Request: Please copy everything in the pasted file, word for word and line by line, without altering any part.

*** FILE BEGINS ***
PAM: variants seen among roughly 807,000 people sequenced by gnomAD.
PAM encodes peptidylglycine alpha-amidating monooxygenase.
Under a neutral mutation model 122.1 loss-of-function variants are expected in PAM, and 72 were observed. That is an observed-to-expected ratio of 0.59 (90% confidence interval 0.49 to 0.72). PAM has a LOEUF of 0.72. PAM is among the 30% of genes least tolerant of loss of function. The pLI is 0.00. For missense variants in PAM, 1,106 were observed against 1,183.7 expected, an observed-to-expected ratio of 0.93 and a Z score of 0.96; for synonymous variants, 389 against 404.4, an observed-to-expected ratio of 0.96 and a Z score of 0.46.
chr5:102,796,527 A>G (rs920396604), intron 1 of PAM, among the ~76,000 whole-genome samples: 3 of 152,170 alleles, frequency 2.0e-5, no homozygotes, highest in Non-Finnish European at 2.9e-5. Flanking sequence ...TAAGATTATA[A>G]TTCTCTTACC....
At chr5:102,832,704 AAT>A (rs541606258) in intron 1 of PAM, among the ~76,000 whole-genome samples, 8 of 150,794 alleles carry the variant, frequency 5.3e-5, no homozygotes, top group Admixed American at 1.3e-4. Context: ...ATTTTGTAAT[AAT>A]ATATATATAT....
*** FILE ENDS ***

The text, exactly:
PAM: variants seen among roughly 807,000 people sequenced by gnomAD.
PAM encodes peptidylglycine alpha-amidating monooxygenase.
Under a neutral mutation model 122.1 loss-of-function variants are expected in PAM, and 72 were observed. That is an observed-to-expected ratio of 0.59 (90% confidence interval 0.49 to 0.72). PAM has a LOEUF of 0.72. PAM is among the 30% of genes least tolerant of loss of function. The pLI is 0.00. For missense variants in PAM, 1,106 were observed against 1,183.7 expected, an observed-to-expected ratio of 0.93 and a Z score of 0.96; for synonymous variants, 389 against 404.4, an observed-to-expected ratio of 0.96 and a Z score of 0.46.
chr5:102,796,527 A>G (rs920396604), intron 1 of PAM, among the ~76,000 whole-genome samples: 3 of 152,170 alleles, frequency 2.0e-5, no homozygotes, highest in Non-Finnish European at 2.9e-5. Flanking sequence ...TAAGATTATA[A>G]TTCTCTTACC....
At chr5:102,832,704 AAT>A (rs541606258) in intron 1 of PAM, among the ~76,000 whole-genome samples, 8 of 150,794 alleles carry the variant, frequency 5.3e-5, no homozygotes, top group Admixed American at 1.3e-4. Context: ...ATTTTGTAAT[AAT>A]ATATATATAT....